Most employers adding 401(k) catch-up: Survey
Most employers are amending their 401(k) plans to add a catch-up provision allowed under a 2001 federal law, but some are waiting until the second half of this year to make the change, according to a new survey. The survey of 163 large employers by benefit consultant Hewitt Associates L.L.C. of Lincolnshire, Ill., found that 80% of respondents are changing their plans to allow catch-up contributions, while 16% are considering adding the feature. Among those modifying their plans, 63% will do so during the first half of 2002, and 31% will wait until the second half of this year. Some employers are delaying the change because their recordkeepers need time to modify their systems to handle the contributions, said Rob Reiskytl, a consultant in Hewitt's Minneapolis office.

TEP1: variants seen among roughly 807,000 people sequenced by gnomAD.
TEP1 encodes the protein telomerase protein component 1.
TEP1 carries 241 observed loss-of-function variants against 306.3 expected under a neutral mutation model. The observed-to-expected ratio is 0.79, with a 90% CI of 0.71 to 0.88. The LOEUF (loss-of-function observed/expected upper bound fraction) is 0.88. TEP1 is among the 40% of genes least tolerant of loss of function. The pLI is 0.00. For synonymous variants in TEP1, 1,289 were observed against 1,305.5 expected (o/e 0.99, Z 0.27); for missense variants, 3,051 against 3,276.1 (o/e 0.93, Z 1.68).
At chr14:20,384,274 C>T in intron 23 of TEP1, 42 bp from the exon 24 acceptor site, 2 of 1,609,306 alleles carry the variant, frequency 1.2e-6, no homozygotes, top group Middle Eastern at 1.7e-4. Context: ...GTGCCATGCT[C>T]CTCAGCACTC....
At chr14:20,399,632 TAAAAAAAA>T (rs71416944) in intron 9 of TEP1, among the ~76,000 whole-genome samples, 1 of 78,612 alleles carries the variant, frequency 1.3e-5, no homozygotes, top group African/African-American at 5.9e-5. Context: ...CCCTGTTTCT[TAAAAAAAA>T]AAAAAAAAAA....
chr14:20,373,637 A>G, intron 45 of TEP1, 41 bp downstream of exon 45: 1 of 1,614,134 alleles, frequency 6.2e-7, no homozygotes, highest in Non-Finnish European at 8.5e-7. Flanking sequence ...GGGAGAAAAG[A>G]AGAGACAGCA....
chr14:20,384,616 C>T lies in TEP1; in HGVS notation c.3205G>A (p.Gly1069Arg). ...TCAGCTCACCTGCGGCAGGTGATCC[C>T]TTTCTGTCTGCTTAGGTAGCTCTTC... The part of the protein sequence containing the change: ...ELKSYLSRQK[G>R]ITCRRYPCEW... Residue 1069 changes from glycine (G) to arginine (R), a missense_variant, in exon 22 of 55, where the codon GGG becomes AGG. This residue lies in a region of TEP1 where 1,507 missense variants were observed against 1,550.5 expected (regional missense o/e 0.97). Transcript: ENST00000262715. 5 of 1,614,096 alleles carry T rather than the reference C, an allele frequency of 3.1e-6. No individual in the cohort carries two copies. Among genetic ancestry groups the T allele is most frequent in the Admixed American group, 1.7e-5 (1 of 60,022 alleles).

An employment discrimination complaint does not have to contain specific facts establishing a case to proceed, the U.S. Supreme Court ruled last week. Such a complaint needs only a short statement showing that the plaintiff is entitled to relief, the high court ruled. The case in question was brought by Akos Swierkiewicz, a former senior vp at the U.S. unit of Paris-based reinsurer Sorema S.A., who charges that he suffered job discrimination because of his age and national origin. The justices remanded the case to U.S. District Court for the Southern District of New York....Leslie Kramerich, the acting assistant secretary of the Labor Department's Pension and Welfare Benefits Administration during the Clinton administration, has joined the Washington office of benefit consultant William M. Mercer Inc. as an attorney....Idaho Gov. Dirk Kempthorne is expected to sign legislation that would bring state tax law in line with a 2001 federal law that permits employees 50 and older to make catch-up contributions to their 401(k) plans. The Legislature passed the measure, H.B. 492, last week. Meanwhile, the West Virginia Legislature has passed a measure, S. 140, that would bring its state law in line with the federal catch-up provisions....Susan Meisinger has been named president and chief executive officer of the Society for Human Resource Management. Ms. Meisinger has been executive vp and chief operating officer of the Alexandria, Va.-based organization since 1999. She replaces Helen Drinan, who will leave SHRM at the end of this month....President Bush called for Superfund reform when asked about his commitment to funding the environmental cleanup program during a White House press conference on Monday. "I'm committed to cleaning up the environment without enriching lawyers," the president said. "I think there's too much litigation when it comes to environmental cleanup."